I wanted to include others listed, but getting the acquisitions data on libraries is not easy.

It is interesting, though, that it appears that Ranganathan's attempt to associate publication rates with library collection size has broken down over time. It is interesting that the LoC acquisitions was only two & a quarter times the number of over 80 years before, while the number of items published is 28 times. This indicates that libraries have ceased being the storehouses (even the LoC) of all information. That merely changes the relationship of the publication rates with the collection growth rates.

But Ranganathan moves on to describe how libraries should be able to accommodate the natural growth (which R. assumed would continue unabated). After addressing how to make the physical building and furniture flexible for this growth in size, he then addresses the need for the classification system to accommodate growth. Not unsurprisingly, he laments the Library of Congress Classification System for using a "primitive method of leaving gaps int he ordinary serial use of numbers," while promoting Dewey's system as "a demonstration of the immense potentiality of the decimal fraction." But most of all, he admonishes libraries to use standard classifications rather than tweaking systems or making their own.. He does mention the Colon Classification system he was then developing (at the time of the second edition), in that its mixed alphanumeric format and use of decimal formats are able to apply the three aspects of analytico-synthetic scheme: phase, facet and zone.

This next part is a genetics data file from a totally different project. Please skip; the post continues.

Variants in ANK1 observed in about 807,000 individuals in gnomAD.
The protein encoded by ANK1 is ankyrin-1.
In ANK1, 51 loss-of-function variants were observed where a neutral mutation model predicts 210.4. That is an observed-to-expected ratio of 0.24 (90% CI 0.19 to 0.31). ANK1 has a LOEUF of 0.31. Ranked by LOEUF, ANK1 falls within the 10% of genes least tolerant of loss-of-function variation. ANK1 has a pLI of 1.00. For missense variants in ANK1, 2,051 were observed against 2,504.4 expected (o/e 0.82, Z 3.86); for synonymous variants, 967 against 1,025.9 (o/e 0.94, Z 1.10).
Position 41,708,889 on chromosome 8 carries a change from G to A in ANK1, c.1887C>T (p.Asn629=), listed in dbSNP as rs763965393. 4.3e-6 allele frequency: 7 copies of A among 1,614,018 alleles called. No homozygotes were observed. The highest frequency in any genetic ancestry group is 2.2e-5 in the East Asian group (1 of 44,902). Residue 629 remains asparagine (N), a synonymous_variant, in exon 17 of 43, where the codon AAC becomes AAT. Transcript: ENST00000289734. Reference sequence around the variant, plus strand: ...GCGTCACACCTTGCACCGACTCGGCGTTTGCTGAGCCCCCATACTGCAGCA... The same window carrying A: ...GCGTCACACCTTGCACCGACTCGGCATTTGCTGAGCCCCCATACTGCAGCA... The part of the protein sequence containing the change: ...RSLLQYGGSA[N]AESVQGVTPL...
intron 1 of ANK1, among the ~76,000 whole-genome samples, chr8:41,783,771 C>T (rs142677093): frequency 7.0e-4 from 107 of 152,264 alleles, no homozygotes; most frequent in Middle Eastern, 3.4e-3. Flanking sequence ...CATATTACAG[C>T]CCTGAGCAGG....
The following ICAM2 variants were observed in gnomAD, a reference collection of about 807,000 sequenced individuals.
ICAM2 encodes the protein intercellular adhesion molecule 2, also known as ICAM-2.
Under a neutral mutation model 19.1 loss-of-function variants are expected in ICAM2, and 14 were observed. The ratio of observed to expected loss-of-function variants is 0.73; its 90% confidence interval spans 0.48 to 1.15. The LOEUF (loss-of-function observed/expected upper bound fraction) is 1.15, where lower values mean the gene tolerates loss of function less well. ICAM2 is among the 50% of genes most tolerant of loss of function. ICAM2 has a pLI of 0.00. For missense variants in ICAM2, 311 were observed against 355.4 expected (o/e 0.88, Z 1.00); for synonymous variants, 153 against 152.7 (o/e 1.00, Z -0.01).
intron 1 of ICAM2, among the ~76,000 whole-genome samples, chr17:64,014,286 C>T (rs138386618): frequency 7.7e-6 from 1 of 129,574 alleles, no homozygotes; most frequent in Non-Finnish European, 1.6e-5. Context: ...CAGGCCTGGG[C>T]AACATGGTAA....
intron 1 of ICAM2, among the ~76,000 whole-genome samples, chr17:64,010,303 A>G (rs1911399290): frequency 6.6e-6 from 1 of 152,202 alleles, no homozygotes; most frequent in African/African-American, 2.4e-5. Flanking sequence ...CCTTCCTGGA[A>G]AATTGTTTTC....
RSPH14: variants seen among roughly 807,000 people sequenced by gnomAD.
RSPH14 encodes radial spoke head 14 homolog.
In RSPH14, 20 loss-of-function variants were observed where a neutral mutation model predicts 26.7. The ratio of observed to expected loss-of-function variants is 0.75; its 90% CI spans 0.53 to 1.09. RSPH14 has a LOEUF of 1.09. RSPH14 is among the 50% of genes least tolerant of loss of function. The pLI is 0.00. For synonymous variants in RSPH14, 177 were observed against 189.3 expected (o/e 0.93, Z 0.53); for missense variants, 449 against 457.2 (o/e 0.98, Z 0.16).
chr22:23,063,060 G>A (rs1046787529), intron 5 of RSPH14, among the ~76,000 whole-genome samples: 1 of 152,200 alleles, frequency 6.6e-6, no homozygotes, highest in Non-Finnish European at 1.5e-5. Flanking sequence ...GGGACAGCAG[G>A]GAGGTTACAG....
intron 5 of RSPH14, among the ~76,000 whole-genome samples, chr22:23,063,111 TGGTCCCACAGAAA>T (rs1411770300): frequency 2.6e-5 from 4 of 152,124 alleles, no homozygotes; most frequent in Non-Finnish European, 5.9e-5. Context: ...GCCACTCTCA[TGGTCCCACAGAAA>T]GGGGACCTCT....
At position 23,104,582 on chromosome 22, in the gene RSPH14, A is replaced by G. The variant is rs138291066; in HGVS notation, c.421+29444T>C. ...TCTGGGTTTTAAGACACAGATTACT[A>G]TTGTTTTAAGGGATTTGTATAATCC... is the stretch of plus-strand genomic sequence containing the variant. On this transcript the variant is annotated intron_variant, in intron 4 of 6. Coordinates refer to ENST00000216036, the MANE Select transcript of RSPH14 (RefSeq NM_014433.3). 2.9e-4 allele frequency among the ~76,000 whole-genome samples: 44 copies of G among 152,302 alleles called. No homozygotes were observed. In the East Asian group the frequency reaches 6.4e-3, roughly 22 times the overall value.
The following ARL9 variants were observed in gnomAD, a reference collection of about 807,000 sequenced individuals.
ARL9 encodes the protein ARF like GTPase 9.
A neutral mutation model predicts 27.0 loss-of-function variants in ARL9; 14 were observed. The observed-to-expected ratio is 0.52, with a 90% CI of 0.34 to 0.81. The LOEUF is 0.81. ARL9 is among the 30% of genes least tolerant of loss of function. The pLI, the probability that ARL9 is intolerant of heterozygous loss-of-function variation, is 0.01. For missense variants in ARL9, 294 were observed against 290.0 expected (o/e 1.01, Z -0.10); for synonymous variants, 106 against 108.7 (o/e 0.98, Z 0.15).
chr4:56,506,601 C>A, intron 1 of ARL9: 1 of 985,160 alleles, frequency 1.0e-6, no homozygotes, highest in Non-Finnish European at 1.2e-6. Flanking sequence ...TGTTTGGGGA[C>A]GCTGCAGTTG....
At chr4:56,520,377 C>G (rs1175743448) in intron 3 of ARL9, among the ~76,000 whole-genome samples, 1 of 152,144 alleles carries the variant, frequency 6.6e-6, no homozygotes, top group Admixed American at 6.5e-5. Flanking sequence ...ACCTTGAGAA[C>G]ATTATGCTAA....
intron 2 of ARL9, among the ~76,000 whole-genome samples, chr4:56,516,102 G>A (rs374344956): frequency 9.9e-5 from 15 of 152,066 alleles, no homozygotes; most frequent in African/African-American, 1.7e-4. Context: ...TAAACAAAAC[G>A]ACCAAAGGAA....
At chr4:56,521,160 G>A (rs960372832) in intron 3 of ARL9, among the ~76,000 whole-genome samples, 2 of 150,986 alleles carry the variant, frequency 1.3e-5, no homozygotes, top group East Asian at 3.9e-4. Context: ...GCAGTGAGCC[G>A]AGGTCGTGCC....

Next, Ranganathan turns his attention to the growth in number of readers that will inevitably occur as both the population increases and the Second Law brings about changes to that population (greater availability of reading material, increased literacy, "open access" shelves). I worry a bit, though, that with the decreasing emphasis on reading print books, libraries have been moving their books into long-term storage. While there have been improvements that decrease the amount of time it takes to retrieve a book, this policy effectively closes the stacks again, reversing the efforts made over a century ago. As electronic books can eventually replace print books, the print-to-electronic ratio may take a while to reach 1:1. Will the shift of collections reduce the availability of materials to such an extent that it has a detrimental effect on access to information?

Finally, he addresses not only the growth in size of the library, but also in form. Here, however, his foresight is limited and he focuses the progress that has already occurred. He discusses the gradual shift from keeping books chained like prisoners to "stock-taking" to limited "stock-use" to the "highly differentiated and complicated character of the organisation of the library to-day". He returns to the "growing organism" metaphor by celebrating the variety of libraries as "species" with their own "problems and peculiarities" but also with "common features".  

He ends this chapter on his final law detailing "the vital principle of the library" -
"it [the library] is an instrument of universal education, and assembles together and freely distributes all the tools of education and disseminates knowledge with their aid."
There would be no better way for S.R. Ranganathan to end his treatise on library science and librarianship.